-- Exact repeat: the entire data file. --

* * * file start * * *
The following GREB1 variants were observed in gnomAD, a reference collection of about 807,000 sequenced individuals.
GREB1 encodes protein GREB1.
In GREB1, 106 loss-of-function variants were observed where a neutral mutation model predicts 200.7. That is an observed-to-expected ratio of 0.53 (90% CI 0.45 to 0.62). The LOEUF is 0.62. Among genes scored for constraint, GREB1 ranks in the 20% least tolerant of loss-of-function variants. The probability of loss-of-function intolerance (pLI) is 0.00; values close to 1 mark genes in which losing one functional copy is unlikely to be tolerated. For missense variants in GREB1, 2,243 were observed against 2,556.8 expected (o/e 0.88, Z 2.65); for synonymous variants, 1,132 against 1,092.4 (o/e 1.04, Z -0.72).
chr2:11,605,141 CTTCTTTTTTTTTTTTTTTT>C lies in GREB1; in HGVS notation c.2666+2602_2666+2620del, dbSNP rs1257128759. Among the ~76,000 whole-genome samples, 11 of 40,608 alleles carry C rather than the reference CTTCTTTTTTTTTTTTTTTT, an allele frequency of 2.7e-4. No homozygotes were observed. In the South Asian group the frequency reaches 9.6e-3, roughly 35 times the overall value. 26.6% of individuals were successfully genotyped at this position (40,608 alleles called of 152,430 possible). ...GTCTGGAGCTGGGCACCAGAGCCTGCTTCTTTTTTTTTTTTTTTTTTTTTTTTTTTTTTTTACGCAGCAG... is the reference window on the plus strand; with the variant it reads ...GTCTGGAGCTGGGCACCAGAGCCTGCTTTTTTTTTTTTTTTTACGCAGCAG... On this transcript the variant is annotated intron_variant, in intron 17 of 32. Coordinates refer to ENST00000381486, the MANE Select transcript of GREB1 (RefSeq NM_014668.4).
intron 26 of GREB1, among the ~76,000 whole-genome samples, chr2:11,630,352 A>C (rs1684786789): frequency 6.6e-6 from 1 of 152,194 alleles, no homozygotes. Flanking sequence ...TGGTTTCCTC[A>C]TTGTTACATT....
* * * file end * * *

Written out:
The following GREB1 variants were observed in gnomAD, a reference collection of about 807,000 sequenced individuals.
GREB1 encodes protein GREB1.
In GREB1, 106 loss-of-function variants were observed where a neutral mutation model predicts 200.7. That is an observed-to-expected ratio of 0.53 (90% CI 0.45 to 0.62). The LOEUF is 0.62. Among genes scored for constraint, GREB1 ranks in the 20% least tolerant of loss-of-function variants. The probability of loss-of-function intolerance (pLI) is 0.00; values close to 1 mark genes in which losing one functional copy is unlikely to be tolerated. For missense variants in GREB1, 2,243 were observed against 2,556.8 expected (o/e 0.88, Z 2.65); for synonymous variants, 1,132 against 1,092.4 (o/e 1.04, Z -0.72).
chr2:11,605,141 CTTCTTTTTTTTTTTTTTTT>C lies in GREB1; in HGVS notation c.2666+2602_2666+2620del, dbSNP rs1257128759. Among the ~76,000 whole-genome samples, 11 of 40,608 alleles carry C rather than the reference CTTCTTTTTTTTTTTTTTTT, an allele frequency of 2.7e-4. No homozygotes were observed. In the South Asian group the frequency reaches 9.6e-3, roughly 35 times the overall value. 26.6% of individuals were successfully genotyped at this position (40,608 alleles called of 152,430 possible). ...GTCTGGAGCTGGGCACCAGAGCCTGCTTCTTTTTTTTTTTTTTTTTTTTTTTTTTTTTTTTACGCAGCAG... is the reference window on the plus strand; with the variant it reads ...GTCTGGAGCTGGGCACCAGAGCCTGCTTTTTTTTTTTTTTTTACGCAGCAG... On this transcript the variant is annotated intron_variant, in intron 17 of 32. Coordinates refer to ENST00000381486, the MANE Select transcript of GREB1 (RefSeq NM_014668.4).
intron 26 of GREB1, among the ~76,000 whole-genome samples, chr2:11,630,352 A>C (rs1684786789): frequency 6.6e-6 from 1 of 152,194 alleles, no homozygotes. Flanking sequence ...TGGTTTCCTC[A>C]TTGTTACATT....